Thursday, July 23, 2009

ババ番外地、その三十一:ひごもんず 品川店 (Beyond Baba 31: Higo Monzu [Shinagawa location])

It's been a hectic couple of weeks with deadlines and assorted matters to attend to, but I managed to fit in plenty of bowls, so let's work through this backlog! A couple weeks back I went with my buddy M to go see the new movie "MW" (read "MU"). It's an adaptation of manga master Osamu Tezuka's classic 70s terrorism thriller / gay romance comic, which is one of favorites fo sho:

Unfortunately, the original story had been bowdlerized pretty badly (it's tough to pull a gay romance story without any gay romance), and the film was basically a sloppily done (yet still entertaining) summer blockbuster type:

The theater was in Shinagawa, the terminus for southbound trains in Tokyo and home to one of Tokyo's "Ramen Roads", the Shinatatsu ramen plaza. What was I going to do, NOT show up half to hour early and down a quick bowl before the show?

From JR Shinagawa station, take the Takanawa exit towards the Shinagawa Prince Hotel, then make a left before crossing the street; just when you think you've walked too far, the Shinatatsu ramen road will be on your left.

The Shinatatsu ramen center is nowhere near the size of the Yokohama Raumen Museum, but it's a nice little boardwalk featuring seven shops and a gift shop. There's a branch of the ever-popular Nantsuttei, a location of the ever popular Kumamoto-style Higomonzu, a Setagaya, which recently opened up a shop in New York, an old school "Shina-soba" shôyû (soy sauce) shop called Kibi, a second location of Takeda Keisuke's original Hatudai Keisuke serving black miso ramen, a branch of the massively popular tsukemen (dipping noodle) purveyor TETSU, and a currently open storefront vacated just last week by Asahikawa Ramen Saijô. Decisions, decisions...

At first I was leaning towards TETSU, since tsukemen sounded good on a hot summer night, and I thought the line here would be more reasonable than the famously long waits at the original location in Sendagi. But just as I was about to walk in, a group of 8 salarymen loosening their ties queued up, so I decided to go with Higo Monzu instead. Though the original location is in Nishi-Ogikubo in western Tokyo, Higo Monzu serves Kumamoto-style ramen in the classic model, rustic, porky, and garlicky.

As a quick reminder, Kumamoto is in the central west part of the southernmost major island of Kyushu, the dirty south of pork bone tonkotsu ramen. The old name for Kumamoto prefecture during pre-modern times was Higo, from whence the shop draws its name; as for "Monzu", your guess is as good as mine, but I'm guessing it means something in Kumamoto dialect. Some other Kumamoto-style shops I've hit up thus far include Higo Noren, Nanashi, and Keika.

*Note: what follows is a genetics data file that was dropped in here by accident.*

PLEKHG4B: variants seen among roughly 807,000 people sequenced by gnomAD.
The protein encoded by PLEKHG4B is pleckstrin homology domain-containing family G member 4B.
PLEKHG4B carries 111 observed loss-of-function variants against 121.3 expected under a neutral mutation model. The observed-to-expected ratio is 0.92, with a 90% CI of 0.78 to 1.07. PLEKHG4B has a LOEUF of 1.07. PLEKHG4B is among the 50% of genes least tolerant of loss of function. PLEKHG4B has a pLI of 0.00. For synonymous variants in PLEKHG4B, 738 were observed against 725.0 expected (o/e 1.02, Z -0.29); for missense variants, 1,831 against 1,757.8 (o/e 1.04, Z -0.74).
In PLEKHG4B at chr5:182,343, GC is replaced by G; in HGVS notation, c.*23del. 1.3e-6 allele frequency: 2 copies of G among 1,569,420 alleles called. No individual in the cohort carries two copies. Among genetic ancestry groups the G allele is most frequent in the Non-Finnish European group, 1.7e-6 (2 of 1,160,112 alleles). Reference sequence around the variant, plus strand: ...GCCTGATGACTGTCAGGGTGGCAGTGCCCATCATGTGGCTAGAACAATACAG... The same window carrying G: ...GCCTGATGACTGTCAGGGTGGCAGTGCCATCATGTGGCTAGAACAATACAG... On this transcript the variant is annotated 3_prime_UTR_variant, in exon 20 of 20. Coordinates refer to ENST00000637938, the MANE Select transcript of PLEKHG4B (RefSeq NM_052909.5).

Nantsuttei is based on Kumamoto ramen as well, but that's the gussied up version. Higo Monzu's rendition is classic all the way, with a thin brown mâyû (burnt garlic and sesame oil) and woodsy and soft yet crunchy strips of kikurage (wood-ear mushrooms). It seems it is derigeur for tonkotsu soup places in Tokyo to advertise that their soup doesn't reek of melted pork bone, and Higo Monzu is no different, but their broth has a bit more of a pungent (in a good way) taste than silky smooth Kyushu-style joints like Ippûdô.

And of course, no bowl of Kyushu ramen is complete without adding a few tableside toppings - crush in a clove of fresh garlic and pile on the fresh (yet sadly unspicy) takana mustard greens. And look at that the way the yolk is just oozing out of the egg! As always with Kumamoto ramen, it seems like the further you get down into the bowl, the more all the flavors come together, as the garlic plays off the tangy yet creamy marrow based soup; I think Higo Monzu also uses a bit of chicken in the broth, as opposed to the pure pork of many Hakata and Kurume style places.

The noodles were of course straight and white, and a bit fatter even than at Nantsuttei, rather than the thin threads at Hakata-style joints. They seemed to maintain their firmness a bit stronger than Nantsuttei's, and are close to what I'd call the ideal of Kumamoto-style noodles. All in all an excellent bowl, and, despite the lack of a true Kumamoto pedigree, one of your best options in Tokyo for this style of ramen. But before you leave...

Don't forget to check out the goods at the gift shop! Shinatatsu has a well-stocked little store featuring boxed home-prep noodles from famous shops all over the country, ranging from Kyushu to Hokkaido. I managed to keep my money in my wallet...this time. But you can bet that when I move back to America I am gonna stock up for the long haul!